The Department of Veterans Affairs has adopted a final rule which establishes secondary service connection for certain diagnosable illnesses associated with service connected traumatic brain injuries. The rule became effective on January 16, 2014, and, although it does not provide for presumptive secondary service connection, it provides for a framework for identifying circumstances under which certain illnesses will, absent clear evidence to the contrary, be found to be the secondary result of a service connected traumatic brain injury. The VA rule promotes efficiency and consistency in claim adjudications and making it easier for qualifying claimants to establish service connection for the conditions.
The VA can reduce a veteran's VA disability rating if it determines that the veteran's disability has improved. The VA can reduce a disability rating at any time a medical examination indicates improvement - the veteran does not have to file a new claim or file for an increased rating for the VA to reduce a disability rating.
Previous decisions of the VA which are final and binding such as decisions of service connection, age, marital status, duration of service, dependency, line of duty, extent of disability, and other issues decided by the VA are accepted as correct in the absence of clear and unmistakable error (CUE). Clear and unmistakable error is a legal argument that a VA decision was wrong. It is not enough, however, to simply allege that the VA was wrong. The veteran must prove that VA regulations and facts specific to his or her case, in existence and in the case file at the time the VA issued its decision, could have led to only one conclusion and that the VA adopted the wrong conclusion. The veteran must show that the VA's decision would have been manifestly different but for the alleged error of fact or law. Generally, CUE comes into play when the correct facts were not before the Board of Veterans' Appeals or the regulatory provisions in existence at the time were incorrectly applied by the Board of Veterans' Appeals.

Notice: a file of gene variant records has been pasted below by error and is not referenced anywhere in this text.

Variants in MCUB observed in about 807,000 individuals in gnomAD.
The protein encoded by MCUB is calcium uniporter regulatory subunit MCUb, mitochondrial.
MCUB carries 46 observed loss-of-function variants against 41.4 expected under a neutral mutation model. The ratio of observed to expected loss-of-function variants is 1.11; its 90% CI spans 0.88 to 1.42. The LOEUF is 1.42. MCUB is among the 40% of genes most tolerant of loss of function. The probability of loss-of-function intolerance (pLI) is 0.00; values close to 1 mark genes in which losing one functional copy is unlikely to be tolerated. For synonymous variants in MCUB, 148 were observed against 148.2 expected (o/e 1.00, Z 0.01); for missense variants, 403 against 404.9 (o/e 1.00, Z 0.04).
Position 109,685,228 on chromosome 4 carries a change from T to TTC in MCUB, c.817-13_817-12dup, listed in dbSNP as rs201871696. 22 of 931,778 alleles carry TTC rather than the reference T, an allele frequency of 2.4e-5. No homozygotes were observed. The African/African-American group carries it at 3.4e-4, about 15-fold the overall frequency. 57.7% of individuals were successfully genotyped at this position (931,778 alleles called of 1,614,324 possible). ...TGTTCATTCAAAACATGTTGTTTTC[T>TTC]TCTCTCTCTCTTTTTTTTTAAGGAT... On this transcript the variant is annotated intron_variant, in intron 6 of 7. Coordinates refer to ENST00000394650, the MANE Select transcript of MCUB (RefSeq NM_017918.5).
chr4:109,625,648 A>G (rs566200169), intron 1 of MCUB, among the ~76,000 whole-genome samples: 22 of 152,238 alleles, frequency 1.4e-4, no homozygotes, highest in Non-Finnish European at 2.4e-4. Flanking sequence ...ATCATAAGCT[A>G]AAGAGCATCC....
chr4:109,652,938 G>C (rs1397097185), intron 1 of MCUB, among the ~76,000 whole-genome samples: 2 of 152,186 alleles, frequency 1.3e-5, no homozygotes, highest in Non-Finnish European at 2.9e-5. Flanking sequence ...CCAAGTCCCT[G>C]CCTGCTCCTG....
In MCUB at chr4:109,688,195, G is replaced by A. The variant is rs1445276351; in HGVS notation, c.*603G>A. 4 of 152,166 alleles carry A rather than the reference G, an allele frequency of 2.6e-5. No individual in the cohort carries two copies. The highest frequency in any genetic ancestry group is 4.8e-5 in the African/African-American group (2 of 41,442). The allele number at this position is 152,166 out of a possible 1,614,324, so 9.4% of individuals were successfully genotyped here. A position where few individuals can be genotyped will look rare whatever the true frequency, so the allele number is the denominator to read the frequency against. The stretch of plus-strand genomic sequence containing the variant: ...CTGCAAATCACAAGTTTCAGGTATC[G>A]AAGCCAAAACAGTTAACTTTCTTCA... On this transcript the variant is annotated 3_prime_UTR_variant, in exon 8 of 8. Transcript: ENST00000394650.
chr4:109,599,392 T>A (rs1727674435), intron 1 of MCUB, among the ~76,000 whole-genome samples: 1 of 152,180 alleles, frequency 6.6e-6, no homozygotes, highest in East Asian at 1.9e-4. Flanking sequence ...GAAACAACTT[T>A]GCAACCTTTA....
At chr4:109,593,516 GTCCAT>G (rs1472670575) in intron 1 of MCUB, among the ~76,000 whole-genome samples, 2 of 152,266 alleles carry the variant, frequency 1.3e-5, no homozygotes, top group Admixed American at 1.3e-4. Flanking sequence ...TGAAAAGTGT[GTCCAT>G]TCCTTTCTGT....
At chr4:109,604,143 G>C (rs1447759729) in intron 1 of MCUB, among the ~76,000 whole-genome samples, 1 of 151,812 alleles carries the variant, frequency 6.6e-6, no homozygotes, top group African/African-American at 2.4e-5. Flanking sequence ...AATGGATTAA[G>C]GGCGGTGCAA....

Total Disability based on Individual Unemployability (TDIU or IU) allows a veteran to receive compensation for 100% disability even if the veteran has less than a 100% schedular rating. TDIU is based on the fact that the service connected disability, though less than 100%, causes the veteran a total inability to work. VA regulations provide that for a veteran to receive TDIU the veteran must have one service connected disability rated at 60% disabling or a combination of disability ratings totaling 70% with one of the included ratings being at least 40% disabling. To be entitled to TDIU, however, the veteran must also prove that he or she is unable to secure or follow gainful employment as a result of his or her service connected conditions. Call the experienced Veteran's Disability attorneys at Gardberg & Kemmerly, P.C. today for a free case evaluation to determine if you are entitled to TDIU.
The United States House of Representatives voted this week to give final approval to a bill giving disabled veterans and veterans' survivors a 1.5 percent cost of living increase. The United States Senate voted on the 1.5 percent COLA increase in October so if, as expected, President Obama signs the measure into law the cost of living increase will become effective December 1, 2013. Veterans will begin seeing the increase in January of 2014.
Nearly 80,000 Vietnam veterans were discharged under other than honorable conditions. Being discharged under other than honorable conditions prevents those Vietnam veterans from receiving veteran's disability benefits. How many of those veterans discharges could have been honorable had PTSD been taken into consideration? This is the exact question raised by the case of Shephard v. McHugh. Shephard v. McHugh, 3:11-cv-00641 (D. Conn. 2013).